Making water management and use in Grenada climate-resilient

Climate Resilience of the Water Sector in Grenada (G-CREWS)

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  • Commissioning Party

    German Federal Ministry for the Environment, Nature Conservation, Nuclear Safety and Consumer Protection (BMUV)

  • Cofinancier

    Green Climate Fund (GCF)

  • Country
  • Lead executing agency


  • Overall term

    2019 to 2025

  • Other Stakeholders

    Grenadian Development Bank; Ministry of Finance; National Water and Sewerage Authority (NAWASA)

  • Products and expertise

    Climate, environment, natural resource management

Employees of the national water authority stand on the bank of a river and measure the water flow. © GIZ Grenada/Garwin Walters


Water is a scarce resource in Grenada – a challenging situation made even more difficult by increasing average temperatures and more erratic rainfall. At the same time, more frequent heavy rainfall events are making water supply outages more common as high turbidity in the raw water supply increases the treatment time. Moreover, the rising sea level means that saltwater intrusion in coastal groundwater aquifers is further reducing the scarce water reserves for the country’s population. This development also jeopardises the growth of the Grenadian economy, especially in the agriculture and tourism sectors.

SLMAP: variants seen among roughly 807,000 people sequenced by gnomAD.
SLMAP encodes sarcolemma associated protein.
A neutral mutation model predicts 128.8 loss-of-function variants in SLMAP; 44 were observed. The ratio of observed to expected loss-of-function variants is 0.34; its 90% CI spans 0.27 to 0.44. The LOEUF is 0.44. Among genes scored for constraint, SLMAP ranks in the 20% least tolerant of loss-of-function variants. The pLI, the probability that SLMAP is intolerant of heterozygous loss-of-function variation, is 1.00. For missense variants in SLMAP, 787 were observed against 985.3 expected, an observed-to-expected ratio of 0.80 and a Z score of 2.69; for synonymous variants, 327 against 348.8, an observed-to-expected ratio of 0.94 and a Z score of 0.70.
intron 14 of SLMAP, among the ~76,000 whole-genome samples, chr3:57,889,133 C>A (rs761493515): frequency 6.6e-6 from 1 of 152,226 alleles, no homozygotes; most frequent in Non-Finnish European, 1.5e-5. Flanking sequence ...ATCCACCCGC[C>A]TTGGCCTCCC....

Grenada’s water sector is more climate-resilient and is managed more efficiently.

A man uses a rainwater harvesting system beside his house. © GIZ Grenada/Arthur Daniel


The project comprises five components:

  • Climate-resilient water management: The government is improving the overall management of the water sector with a unit to manage water resources. It is also laying the foundations for sustainable water resource management.
  • Climate-resilient water use: A fund set up by the Grenada Development Bank provides stakeholders in the agriculture and tourism sectors with allowances to implement water-saving measures in their businesses.
  • Climate-resilient facilities: The project is expanding the infrastructure and providing further storage tanks so that the water supply can be ensured even during the more frequent droughts or in the event of disasters.
  • Additional contribution of the water sector to Grenada’s climate goals: The national water authority is becoming more efficient in reducing water losses in the distribution system. This also involves integrating renewable energy sources.
  • Regional learning and replication: Other Caribbean countries are to benefit from the constant sharing of success stories and lessons learned from the project.
G-CREWS business card

Last update: February 2023

Additional information